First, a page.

• Meganblase syndrome: Meganblase syndrome can cause chronic belching. It is caused by swallowing large amounts of air, creating a large bubble of gas in your stomach after heavy meals. You may experience fullness and shortness of breath with this disorder that may mimic heart attack symptoms.

It is common for symptoms of gas to resemble other medical conditions or issues. If you’re concerned about any pain or discomfort, always talk to your doctor.


Symptoms of excessive gas typically resolve themselves with simple changes to diet and lifestyle. Gas symptoms alone don’t typically point to a larger problem. Talk to your GI doctor if your symptoms do not improve over time, worsen, or if you notice any of the following symptoms in addition to excessive gas:

  • Diarrhea
  • Persistent or severe abdominal pain
  • Bloody stools
  • Changes in color or frequency of stools
  • Unintended weight loss
  • Chest discomfort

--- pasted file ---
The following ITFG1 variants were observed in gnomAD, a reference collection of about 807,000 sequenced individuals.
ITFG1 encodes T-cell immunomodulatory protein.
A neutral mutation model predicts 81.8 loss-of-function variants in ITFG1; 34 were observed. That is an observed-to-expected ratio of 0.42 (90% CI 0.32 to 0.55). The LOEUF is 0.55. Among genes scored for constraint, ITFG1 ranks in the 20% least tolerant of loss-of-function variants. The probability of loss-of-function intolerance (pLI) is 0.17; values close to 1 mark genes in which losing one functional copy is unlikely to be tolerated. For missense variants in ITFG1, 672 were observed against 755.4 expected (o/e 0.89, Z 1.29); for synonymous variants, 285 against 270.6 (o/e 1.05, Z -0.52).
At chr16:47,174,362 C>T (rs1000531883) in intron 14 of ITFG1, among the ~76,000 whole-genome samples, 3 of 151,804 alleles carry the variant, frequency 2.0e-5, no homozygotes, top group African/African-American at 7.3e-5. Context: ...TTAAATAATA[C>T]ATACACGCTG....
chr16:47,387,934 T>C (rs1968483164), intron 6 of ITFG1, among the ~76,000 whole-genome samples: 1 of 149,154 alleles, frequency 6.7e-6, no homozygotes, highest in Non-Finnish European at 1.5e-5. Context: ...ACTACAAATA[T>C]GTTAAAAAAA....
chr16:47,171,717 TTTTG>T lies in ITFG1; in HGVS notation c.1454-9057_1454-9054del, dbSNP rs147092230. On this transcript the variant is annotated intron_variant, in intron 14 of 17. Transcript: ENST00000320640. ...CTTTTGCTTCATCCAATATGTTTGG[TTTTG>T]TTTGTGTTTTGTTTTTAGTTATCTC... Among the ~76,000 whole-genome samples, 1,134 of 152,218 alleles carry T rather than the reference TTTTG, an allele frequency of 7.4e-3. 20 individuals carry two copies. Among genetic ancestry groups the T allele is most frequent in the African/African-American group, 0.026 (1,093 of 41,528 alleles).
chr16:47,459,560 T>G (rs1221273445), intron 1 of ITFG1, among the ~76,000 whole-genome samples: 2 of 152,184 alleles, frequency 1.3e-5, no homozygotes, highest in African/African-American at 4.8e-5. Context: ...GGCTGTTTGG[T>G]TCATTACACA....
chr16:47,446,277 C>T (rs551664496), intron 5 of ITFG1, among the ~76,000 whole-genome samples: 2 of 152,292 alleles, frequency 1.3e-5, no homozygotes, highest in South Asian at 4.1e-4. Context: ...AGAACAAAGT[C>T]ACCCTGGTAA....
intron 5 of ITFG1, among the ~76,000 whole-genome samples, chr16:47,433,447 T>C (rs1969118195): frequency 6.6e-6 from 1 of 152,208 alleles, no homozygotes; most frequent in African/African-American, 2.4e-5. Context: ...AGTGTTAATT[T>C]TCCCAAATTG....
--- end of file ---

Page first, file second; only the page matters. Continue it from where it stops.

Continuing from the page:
• Loss of appetite or feeling full quickly

These symptoms could be a sign of an underlying issue, so be sure to seek help from your doctor as soon as you can. At Charleston GI, our doctors are experienced in handling all kinds of gut issues, so don’t feel embarrassed. We’re here for you.


Once you’ve talked to your doctor about your symptoms, they may recommend further testing to take a closer look at your gut. Your doctor may suggest:

  • Colonoscopy: Using an endoscope, your doctor will enter through your rectum to take a closer look at the inside of your large intestine and colon in its entirety. 
  • Abdominal x-ray: Your doctor will simply take an x-ray of your abdomen. 
  • Food diary: Your doctor may ask you to keep a food diary or food journal to document each meal and help discover what is triggering your symptoms.
  • Sigmoidoscopy: This procedure is similar to a colonoscopy, but only looks at the lower part of your colon and large intestine.